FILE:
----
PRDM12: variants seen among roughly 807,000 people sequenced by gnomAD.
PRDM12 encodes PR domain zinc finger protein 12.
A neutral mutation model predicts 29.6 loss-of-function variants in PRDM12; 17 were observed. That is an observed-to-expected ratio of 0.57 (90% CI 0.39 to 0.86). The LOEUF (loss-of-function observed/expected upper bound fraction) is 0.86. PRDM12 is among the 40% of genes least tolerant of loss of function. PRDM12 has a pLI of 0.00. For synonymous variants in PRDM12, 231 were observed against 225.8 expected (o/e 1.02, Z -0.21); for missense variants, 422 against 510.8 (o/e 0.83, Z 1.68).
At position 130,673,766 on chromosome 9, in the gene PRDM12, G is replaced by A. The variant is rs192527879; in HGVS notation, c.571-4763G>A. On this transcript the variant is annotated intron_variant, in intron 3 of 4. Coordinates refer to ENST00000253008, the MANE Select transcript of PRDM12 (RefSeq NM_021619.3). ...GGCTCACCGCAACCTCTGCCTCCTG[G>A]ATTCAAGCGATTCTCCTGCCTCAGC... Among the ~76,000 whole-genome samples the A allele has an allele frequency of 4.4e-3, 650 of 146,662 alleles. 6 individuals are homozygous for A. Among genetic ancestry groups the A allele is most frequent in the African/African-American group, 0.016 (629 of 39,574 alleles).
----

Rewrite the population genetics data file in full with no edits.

PRDM12: variants seen among roughly 807,000 people sequenced by gnomAD.
PRDM12 encodes PR domain zinc finger protein 12.
A neutral mutation model predicts 29.6 loss-of-function variants in PRDM12; 17 were observed. That is an observed-to-expected ratio of 0.57 (90% CI 0.39 to 0.86). The LOEUF (loss-of-function observed/expected upper bound fraction) is 0.86. PRDM12 is among the 40% of genes least tolerant of loss of function. PRDM12 has a pLI of 0.00. For synonymous variants in PRDM12, 231 were observed against 225.8 expected (o/e 1.02, Z -0.21); for missense variants, 422 against 510.8 (o/e 0.83, Z 1.68).
At position 130,673,766 on chromosome 9, in the gene PRDM12, G is replaced by A. The variant is rs192527879; in HGVS notation, c.571-4763G>A. On this transcript the variant is annotated intron_variant, in intron 3 of 4. Coordinates refer to ENST00000253008, the MANE Select transcript of PRDM12 (RefSeq NM_021619.3). ...GGCTCACCGCAACCTCTGCCTCCTG[G>A]ATTCAAGCGATTCTCCTGCCTCAGC... Among the ~76,000 whole-genome samples the A allele has an allele frequency of 4.4e-3, 650 of 146,662 alleles. 6 individuals are homozygous for A. Among genetic ancestry groups the A allele is most frequent in the African/African-American group, 0.016 (629 of 39,574 alleles).